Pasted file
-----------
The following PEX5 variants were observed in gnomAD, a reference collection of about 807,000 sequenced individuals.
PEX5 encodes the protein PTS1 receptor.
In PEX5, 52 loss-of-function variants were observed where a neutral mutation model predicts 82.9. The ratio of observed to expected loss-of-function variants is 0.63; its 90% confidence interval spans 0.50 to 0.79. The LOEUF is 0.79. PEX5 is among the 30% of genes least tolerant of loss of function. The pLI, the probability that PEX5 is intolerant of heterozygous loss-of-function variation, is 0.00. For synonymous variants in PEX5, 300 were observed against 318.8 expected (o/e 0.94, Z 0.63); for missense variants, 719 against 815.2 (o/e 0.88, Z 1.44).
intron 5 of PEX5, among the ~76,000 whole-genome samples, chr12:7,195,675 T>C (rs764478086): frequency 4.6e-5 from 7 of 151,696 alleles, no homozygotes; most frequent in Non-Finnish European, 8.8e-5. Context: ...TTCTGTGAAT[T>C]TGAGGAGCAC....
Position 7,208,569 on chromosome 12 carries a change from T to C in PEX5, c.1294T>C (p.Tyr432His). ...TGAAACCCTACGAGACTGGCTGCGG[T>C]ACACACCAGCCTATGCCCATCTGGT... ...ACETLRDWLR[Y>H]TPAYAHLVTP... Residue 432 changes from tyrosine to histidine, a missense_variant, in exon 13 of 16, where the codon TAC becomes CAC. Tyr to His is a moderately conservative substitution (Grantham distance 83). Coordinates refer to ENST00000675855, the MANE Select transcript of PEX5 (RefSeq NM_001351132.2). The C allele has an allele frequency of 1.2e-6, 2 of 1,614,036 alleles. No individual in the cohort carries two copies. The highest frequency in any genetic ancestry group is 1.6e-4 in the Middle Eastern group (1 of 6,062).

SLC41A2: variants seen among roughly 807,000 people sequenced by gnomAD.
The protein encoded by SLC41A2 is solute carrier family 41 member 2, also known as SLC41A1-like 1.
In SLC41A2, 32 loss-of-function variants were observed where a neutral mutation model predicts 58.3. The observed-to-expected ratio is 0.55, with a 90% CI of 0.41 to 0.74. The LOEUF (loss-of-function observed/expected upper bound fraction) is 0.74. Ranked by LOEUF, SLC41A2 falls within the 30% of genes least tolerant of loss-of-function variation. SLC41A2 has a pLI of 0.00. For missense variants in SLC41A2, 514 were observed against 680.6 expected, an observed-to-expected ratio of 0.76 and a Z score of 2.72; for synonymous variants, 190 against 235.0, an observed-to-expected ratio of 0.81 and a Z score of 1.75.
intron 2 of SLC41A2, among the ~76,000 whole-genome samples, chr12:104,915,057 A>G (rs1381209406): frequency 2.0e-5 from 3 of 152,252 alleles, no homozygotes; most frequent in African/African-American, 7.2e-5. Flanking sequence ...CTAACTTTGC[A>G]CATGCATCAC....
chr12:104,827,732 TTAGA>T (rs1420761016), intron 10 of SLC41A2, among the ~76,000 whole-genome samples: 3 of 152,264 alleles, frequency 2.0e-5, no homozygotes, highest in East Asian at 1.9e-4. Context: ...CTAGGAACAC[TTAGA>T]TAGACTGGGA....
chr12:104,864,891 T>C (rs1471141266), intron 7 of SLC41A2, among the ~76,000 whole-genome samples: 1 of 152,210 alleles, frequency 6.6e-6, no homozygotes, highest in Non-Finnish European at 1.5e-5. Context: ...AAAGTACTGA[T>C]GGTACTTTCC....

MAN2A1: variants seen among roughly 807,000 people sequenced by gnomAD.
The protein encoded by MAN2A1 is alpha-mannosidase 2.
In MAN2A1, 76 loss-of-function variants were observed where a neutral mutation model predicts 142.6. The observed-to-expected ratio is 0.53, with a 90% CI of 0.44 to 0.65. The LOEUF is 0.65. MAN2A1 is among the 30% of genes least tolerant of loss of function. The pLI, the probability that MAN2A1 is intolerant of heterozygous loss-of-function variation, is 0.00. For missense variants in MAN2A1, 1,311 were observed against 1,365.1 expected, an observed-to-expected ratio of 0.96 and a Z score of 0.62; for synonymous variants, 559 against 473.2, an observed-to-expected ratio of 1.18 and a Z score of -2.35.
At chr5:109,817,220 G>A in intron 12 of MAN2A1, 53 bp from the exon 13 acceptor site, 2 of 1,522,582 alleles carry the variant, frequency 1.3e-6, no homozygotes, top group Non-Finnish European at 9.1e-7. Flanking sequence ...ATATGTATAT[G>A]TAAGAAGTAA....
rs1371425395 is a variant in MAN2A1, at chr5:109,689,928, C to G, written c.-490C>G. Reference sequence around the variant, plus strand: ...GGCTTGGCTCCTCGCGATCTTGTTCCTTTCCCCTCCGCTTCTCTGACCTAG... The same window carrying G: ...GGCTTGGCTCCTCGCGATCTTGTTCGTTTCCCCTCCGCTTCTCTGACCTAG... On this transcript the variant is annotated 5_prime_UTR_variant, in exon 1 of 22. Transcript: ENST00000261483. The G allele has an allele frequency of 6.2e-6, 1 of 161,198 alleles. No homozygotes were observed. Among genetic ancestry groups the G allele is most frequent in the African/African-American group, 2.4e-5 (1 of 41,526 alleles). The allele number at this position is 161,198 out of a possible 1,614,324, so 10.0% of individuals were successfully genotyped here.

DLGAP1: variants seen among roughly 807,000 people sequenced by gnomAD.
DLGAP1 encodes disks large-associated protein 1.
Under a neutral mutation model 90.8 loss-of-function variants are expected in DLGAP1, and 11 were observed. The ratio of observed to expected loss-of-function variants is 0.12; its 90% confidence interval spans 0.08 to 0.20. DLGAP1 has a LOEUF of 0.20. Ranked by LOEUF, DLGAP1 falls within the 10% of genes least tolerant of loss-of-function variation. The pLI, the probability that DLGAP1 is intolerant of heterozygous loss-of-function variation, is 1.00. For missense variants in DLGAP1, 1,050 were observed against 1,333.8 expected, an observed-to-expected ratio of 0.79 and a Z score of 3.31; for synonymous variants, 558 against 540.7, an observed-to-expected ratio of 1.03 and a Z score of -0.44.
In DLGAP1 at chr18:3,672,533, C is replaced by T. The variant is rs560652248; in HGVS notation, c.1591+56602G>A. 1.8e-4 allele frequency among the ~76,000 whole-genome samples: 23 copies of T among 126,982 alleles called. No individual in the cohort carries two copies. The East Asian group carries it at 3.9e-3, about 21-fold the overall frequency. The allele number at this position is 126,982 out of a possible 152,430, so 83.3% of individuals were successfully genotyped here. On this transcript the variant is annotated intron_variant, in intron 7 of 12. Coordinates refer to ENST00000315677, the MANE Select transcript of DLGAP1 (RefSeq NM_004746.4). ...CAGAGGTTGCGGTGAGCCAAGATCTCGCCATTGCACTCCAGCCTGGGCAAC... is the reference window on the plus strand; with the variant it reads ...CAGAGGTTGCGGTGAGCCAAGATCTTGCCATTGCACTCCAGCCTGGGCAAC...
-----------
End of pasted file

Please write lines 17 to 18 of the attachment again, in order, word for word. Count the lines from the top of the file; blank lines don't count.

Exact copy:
DLGAP1: variants seen among roughly 807,000 people sequenced by gnomAD.
DLGAP1 encodes disks large-associated protein 1.